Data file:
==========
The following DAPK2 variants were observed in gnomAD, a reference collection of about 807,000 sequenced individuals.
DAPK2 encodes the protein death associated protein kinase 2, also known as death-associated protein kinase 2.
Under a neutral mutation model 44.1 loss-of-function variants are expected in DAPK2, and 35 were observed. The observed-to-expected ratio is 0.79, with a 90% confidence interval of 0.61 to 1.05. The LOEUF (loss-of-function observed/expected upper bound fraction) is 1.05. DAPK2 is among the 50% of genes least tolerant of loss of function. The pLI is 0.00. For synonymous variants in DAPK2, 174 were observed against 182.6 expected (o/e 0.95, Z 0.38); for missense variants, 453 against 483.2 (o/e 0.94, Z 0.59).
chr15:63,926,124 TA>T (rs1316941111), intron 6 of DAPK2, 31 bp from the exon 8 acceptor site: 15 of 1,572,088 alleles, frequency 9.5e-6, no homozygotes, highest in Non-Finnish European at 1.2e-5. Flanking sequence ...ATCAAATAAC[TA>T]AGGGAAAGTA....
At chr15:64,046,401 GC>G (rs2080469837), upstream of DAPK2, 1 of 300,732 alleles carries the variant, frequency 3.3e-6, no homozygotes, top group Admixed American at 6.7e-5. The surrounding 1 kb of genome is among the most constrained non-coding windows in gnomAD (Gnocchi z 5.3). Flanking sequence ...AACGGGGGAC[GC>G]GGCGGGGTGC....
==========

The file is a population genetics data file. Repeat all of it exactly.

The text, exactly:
The following DAPK2 variants were observed in gnomAD, a reference collection of about 807,000 sequenced individuals.
DAPK2 encodes the protein death associated protein kinase 2, also known as death-associated protein kinase 2.
Under a neutral mutation model 44.1 loss-of-function variants are expected in DAPK2, and 35 were observed. The observed-to-expected ratio is 0.79, with a 90% confidence interval of 0.61 to 1.05. The LOEUF (loss-of-function observed/expected upper bound fraction) is 1.05. DAPK2 is among the 50% of genes least tolerant of loss of function. The pLI is 0.00. For synonymous variants in DAPK2, 174 were observed against 182.6 expected (o/e 0.95, Z 0.38); for missense variants, 453 against 483.2 (o/e 0.94, Z 0.59).
chr15:63,926,124 TA>T (rs1316941111), intron 6 of DAPK2, 31 bp from the exon 8 acceptor site: 15 of 1,572,088 alleles, frequency 9.5e-6, no homozygotes, highest in Non-Finnish European at 1.2e-5. Flanking sequence ...ATCAAATAAC[TA>T]AGGGAAAGTA....
At chr15:64,046,401 GC>G (rs2080469837), upstream of DAPK2, 1 of 300,732 alleles carries the variant, frequency 3.3e-6, no homozygotes, top group Admixed American at 6.7e-5. The surrounding 1 kb of genome is among the most constrained non-coding windows in gnomAD (Gnocchi z 5.3). Flanking sequence ...AACGGGGGAC[GC>G]GGCGGGGTGC....